Dry January as a student: a diary 

Alcohol is my best friend and my worst enemy. Sure, it leaves me with a little less energy, money, and dignity, but that doesn’t mean I don’t enjoy a cheeky pint (or four) when the opportunity arises. This January, as my New Years resolution, I planned to arm myself with mocktails galore to save some pennies, and hopefully my liver.

Day 1

So I guess technically I’ve already failed. I was still celebrating the arrival of the new year at 2 am which means I was still consuming tequila shots when I should have been starting my new life as a sensible, sober student. If I wait until 2 am on February 1st to start drinking, does it still count as doing the whole month…?

At least the consequential hangover is preventing even the thought of alcohol consumption from entering my throbbing head. At this point it’s easy to vow that the next 31 days will be nothing like today – I’m ready to enter every day with a fresh face rather than mascara smudged down my cheeks.

Day 5

So far so good. Not a drop of liquor has touched my lips. I’ve spent my evenings curled up in front of the telly with my family, sipping on a hot chocolate without even adding Baileys – are you proud of me?

Day 9

On the train back to uni and it can’t move quick enough, as much as I love my family, they’re incredibly irritating, and the concept of personal space seems to have evaded them.

Now I know that continuing with my month of abstinence is likely to be slightly more challenging considering that the majority of social interactions for students revolve around consuming their recommended intake of water in the form of alcohol.

I’m apprehensive. I’ve already been invited to the pub for a welcome back pint and much-needed catchup with my coursemates. I haven’t yet mentioned my conquest to complete dry January due to fear of the inevitable teasing, ridiculing and questioning. I don’t want to seem like the fun sponge of the evening, but I’m pretty sure I don’t need ethanol in my system to be the same witty genius I always am. Fingers crossed it gets to the point they’re too drunk to notice my sobriety.

Day 10

Success! I went the whole night without a bev while my pals gulped their weight in cider! If I’m honest, it was less enjoyable being the only sober one. Not just because of the predicted interrogation of my motives and the constant jibes I received throughout the night, but because alcohol steals an inhibition you don’t even realise you have. While everyone else belted out some bangers in tuneless voices, I sat embarrassed for them and how ridiculous they looked. I was completely ignorant to the fact that I probably looked the stranger one sat in the corner pretending not to know them.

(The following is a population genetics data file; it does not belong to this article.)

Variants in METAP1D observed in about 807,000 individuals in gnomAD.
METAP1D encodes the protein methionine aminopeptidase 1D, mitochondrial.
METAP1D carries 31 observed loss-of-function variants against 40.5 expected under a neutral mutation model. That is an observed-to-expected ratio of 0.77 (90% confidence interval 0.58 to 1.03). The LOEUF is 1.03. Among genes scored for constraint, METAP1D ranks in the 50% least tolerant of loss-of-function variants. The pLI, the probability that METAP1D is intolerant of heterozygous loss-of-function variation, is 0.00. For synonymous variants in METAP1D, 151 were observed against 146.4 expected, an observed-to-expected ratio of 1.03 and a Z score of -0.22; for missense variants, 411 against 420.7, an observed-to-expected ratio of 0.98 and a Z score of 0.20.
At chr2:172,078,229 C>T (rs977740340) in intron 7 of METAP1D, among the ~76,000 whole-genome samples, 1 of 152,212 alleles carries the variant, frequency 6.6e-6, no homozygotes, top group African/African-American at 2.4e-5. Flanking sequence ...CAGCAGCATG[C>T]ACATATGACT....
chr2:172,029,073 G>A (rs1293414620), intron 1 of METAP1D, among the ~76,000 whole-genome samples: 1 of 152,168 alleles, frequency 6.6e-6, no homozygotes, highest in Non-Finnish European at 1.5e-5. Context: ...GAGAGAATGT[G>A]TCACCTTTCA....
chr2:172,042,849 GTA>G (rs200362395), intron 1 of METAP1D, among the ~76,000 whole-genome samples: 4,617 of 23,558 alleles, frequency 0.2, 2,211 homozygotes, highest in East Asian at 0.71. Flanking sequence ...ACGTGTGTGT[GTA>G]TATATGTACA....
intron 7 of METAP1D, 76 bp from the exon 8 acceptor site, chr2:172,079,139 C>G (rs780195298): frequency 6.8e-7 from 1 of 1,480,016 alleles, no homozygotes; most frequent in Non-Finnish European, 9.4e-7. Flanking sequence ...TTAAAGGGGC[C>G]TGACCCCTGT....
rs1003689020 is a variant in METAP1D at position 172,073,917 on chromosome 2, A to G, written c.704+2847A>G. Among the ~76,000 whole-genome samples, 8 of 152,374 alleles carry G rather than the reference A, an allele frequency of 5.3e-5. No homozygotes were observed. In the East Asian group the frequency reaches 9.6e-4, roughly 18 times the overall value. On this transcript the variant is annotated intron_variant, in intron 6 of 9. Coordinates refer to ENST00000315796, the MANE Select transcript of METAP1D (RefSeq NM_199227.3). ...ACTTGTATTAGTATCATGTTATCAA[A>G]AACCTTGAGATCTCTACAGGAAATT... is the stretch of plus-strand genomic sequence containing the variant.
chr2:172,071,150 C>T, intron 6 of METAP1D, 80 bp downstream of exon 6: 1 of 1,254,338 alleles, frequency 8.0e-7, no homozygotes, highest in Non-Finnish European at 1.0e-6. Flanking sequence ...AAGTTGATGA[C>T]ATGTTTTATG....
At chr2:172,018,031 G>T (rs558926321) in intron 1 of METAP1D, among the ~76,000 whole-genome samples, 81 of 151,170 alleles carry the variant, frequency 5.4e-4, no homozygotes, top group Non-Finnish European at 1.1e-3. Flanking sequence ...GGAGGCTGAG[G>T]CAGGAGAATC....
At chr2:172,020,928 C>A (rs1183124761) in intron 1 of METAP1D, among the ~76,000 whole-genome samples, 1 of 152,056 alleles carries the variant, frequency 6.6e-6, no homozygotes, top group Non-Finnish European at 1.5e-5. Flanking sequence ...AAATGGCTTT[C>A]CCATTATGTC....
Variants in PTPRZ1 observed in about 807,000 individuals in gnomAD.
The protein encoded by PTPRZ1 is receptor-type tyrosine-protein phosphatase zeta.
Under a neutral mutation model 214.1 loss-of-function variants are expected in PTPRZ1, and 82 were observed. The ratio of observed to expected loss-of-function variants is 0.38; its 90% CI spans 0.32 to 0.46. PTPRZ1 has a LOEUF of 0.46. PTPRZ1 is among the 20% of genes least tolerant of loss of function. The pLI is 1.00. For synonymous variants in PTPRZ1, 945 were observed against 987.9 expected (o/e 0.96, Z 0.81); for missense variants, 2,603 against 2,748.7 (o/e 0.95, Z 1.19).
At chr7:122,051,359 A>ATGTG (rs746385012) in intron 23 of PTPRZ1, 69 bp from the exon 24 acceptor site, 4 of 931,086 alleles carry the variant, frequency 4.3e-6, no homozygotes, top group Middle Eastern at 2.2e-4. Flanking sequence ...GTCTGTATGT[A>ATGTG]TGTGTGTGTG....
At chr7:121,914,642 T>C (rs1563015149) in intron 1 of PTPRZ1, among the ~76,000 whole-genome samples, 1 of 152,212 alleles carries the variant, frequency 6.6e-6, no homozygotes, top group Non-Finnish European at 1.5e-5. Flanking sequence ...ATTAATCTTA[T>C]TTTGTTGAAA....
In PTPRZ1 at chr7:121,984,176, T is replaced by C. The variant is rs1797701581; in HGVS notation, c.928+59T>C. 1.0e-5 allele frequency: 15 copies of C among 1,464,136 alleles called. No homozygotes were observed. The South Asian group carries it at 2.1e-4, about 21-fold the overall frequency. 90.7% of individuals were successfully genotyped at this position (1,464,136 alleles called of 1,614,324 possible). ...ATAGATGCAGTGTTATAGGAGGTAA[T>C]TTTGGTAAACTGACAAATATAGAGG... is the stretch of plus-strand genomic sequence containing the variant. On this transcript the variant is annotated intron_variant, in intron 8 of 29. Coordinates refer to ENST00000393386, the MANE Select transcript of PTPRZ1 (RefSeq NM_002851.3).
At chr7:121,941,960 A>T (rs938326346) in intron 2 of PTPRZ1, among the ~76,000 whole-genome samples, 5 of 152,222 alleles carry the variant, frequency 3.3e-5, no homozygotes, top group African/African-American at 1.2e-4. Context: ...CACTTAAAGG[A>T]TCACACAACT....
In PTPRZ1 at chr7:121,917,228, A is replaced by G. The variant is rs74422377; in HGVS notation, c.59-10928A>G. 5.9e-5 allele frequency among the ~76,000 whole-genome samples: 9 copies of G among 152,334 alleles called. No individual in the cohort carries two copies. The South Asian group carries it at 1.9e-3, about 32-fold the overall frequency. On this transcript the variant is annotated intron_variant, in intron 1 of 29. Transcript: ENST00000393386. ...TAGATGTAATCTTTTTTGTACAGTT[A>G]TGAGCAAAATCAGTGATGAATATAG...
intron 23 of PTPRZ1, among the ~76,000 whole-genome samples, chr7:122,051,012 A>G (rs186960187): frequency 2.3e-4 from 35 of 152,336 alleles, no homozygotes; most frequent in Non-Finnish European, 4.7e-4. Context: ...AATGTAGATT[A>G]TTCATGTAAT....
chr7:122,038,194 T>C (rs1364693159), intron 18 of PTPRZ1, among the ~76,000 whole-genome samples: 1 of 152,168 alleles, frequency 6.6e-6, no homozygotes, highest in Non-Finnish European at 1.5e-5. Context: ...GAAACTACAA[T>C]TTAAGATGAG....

Day 18

Still going strong. Well, sort of. I did have a glass of wine with dinner a few nights ago, but only because it was part of a set meal and it would have been silly to waste it! But it was just the one glass. To be honest, I didn’t actually realise until one of my friends – having held her tongue until I’d gulped the last drop – pointed out that I’d screwed up. It was then that I felt ashamed, partly of myself for being so idiotic, but mainly because I’d seemed weak and stupid in front of my friends.

Day 21

Finally, exams are over, and of course, the only way to celebrate is by getting blind drunk, ensuring you forget all your mistakes and stop regretting all those hours you wasted revising topics that didn’t even come up. So last night we went to a bar to mark the occasion, and I was ready to save money (and face) by ordering a delicious mocktail.

Why does nobody tell you that it’s more expensive to get a soft drink than a pint in most of these places?! I felt punished for trying to avoid alcohol. I sat there sulking with my diet coke which cost £3 (a pint was £2.20), watching my friends laugh drunkenly, buying more jaeger bombs than was advisable and tottering off to the clubs. I followed them begrudgingly due to severe FOMO and pushed my way through the woozy students to the middle of the dancefloor.

And finally, I had fun. I decided that I wanted to have a good night. So, I let my hair down, ordered tap water and danced like my Dad.

Day 31

And I couldn’t be more pleased that this month is over. Not because I’m gasping for a bev, but because I like having the choice.

But I did learn a few things:

1) If you want to go sober, make sure you know why you’re doing it. Without decent motivations, the temptation will override willpower.

2) Surround yourself with people who respect your choice, even if they’re not avoiding alcohol themselves.

3) Alcohol isn’t the only thing that makes you feel like trash in the mornings. I was no more productive this month than any other. You’ll probably just find another habit to destroy your plans for a stress-free AM.

4) You can have a good time without alcohol. It’s completely down to you though; you just have to forget that you’re the only sober one and pretend to be drunk. Bonus points if you can do sober karaoke or perform the Single Ladies dance in the middle of a club without being intoxicated.

To all teetotalers out there, I salute you.

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